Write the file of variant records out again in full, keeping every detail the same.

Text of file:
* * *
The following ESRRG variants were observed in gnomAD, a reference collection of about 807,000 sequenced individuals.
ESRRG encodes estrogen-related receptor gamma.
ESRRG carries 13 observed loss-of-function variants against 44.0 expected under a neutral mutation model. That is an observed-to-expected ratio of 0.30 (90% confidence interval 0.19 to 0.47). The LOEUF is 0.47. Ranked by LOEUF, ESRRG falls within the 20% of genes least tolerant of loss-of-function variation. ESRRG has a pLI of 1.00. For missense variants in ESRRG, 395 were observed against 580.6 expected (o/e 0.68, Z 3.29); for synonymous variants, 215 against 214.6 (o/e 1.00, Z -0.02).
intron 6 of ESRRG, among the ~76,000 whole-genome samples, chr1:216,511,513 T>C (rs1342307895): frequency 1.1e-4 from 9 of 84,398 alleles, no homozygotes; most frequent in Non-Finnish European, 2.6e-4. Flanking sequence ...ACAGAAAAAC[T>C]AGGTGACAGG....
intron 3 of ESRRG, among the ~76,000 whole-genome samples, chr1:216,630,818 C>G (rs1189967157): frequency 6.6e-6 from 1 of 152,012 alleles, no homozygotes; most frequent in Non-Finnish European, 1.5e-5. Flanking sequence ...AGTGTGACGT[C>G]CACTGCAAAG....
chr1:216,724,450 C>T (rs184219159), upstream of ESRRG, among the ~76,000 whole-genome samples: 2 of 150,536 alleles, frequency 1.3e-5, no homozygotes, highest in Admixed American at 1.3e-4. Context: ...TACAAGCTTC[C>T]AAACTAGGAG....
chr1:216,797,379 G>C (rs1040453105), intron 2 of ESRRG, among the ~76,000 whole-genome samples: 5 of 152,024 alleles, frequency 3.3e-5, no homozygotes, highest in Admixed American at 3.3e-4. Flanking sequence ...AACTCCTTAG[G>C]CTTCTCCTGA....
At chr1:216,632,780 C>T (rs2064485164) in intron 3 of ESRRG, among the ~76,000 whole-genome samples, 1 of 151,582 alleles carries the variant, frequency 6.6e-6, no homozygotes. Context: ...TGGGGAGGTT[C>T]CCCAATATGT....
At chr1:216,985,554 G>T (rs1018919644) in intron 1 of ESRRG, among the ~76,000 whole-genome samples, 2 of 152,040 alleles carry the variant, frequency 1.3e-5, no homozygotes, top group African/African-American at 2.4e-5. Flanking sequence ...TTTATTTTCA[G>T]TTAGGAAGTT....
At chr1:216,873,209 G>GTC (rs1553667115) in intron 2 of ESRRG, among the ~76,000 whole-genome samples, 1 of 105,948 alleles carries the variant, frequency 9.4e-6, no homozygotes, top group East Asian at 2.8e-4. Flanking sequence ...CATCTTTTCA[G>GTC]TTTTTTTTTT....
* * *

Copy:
The following ESRRG variants were observed in gnomAD, a reference collection of about 807,000 sequenced individuals.
ESRRG encodes estrogen-related receptor gamma.
ESRRG carries 13 observed loss-of-function variants against 44.0 expected under a neutral mutation model. That is an observed-to-expected ratio of 0.30 (90% confidence interval 0.19 to 0.47). The LOEUF is 0.47. Ranked by LOEUF, ESRRG falls within the 20% of genes least tolerant of loss-of-function variation. ESRRG has a pLI of 1.00. For missense variants in ESRRG, 395 were observed against 580.6 expected (o/e 0.68, Z 3.29); for synonymous variants, 215 against 214.6 (o/e 1.00, Z -0.02).
intron 6 of ESRRG, among the ~76,000 whole-genome samples, chr1:216,511,513 T>C (rs1342307895): frequency 1.1e-4 from 9 of 84,398 alleles, no homozygotes; most frequent in Non-Finnish European, 2.6e-4. Flanking sequence ...ACAGAAAAAC[T>C]AGGTGACAGG....
intron 3 of ESRRG, among the ~76,000 whole-genome samples, chr1:216,630,818 C>G (rs1189967157): frequency 6.6e-6 from 1 of 152,012 alleles, no homozygotes; most frequent in Non-Finnish European, 1.5e-5. Flanking sequence ...AGTGTGACGT[C>G]CACTGCAAAG....
chr1:216,724,450 C>T (rs184219159), upstream of ESRRG, among the ~76,000 whole-genome samples: 2 of 150,536 alleles, frequency 1.3e-5, no homozygotes, highest in Admixed American at 1.3e-4. Context: ...TACAAGCTTC[C>T]AAACTAGGAG....
chr1:216,797,379 G>C (rs1040453105), intron 2 of ESRRG, among the ~76,000 whole-genome samples: 5 of 152,024 alleles, frequency 3.3e-5, no homozygotes, highest in Admixed American at 3.3e-4. Flanking sequence ...AACTCCTTAG[G>C]CTTCTCCTGA....
At chr1:216,632,780 C>T (rs2064485164) in intron 3 of ESRRG, among the ~76,000 whole-genome samples, 1 of 151,582 alleles carries the variant, frequency 6.6e-6, no homozygotes. Context: ...TGGGGAGGTT[C>T]CCCAATATGT....
At chr1:216,985,554 G>T (rs1018919644) in intron 1 of ESRRG, among the ~76,000 whole-genome samples, 2 of 152,040 alleles carry the variant, frequency 1.3e-5, no homozygotes, top group African/African-American at 2.4e-5. Flanking sequence ...TTTATTTTCA[G>T]TTAGGAAGTT....
At chr1:216,873,209 G>GTC (rs1553667115) in intron 2 of ESRRG, among the ~76,000 whole-genome samples, 1 of 105,948 alleles carries the variant, frequency 9.4e-6, no homozygotes, top group East Asian at 2.8e-4. Flanking sequence ...CATCTTTTCA[G>GTC]TTTTTTTTTT....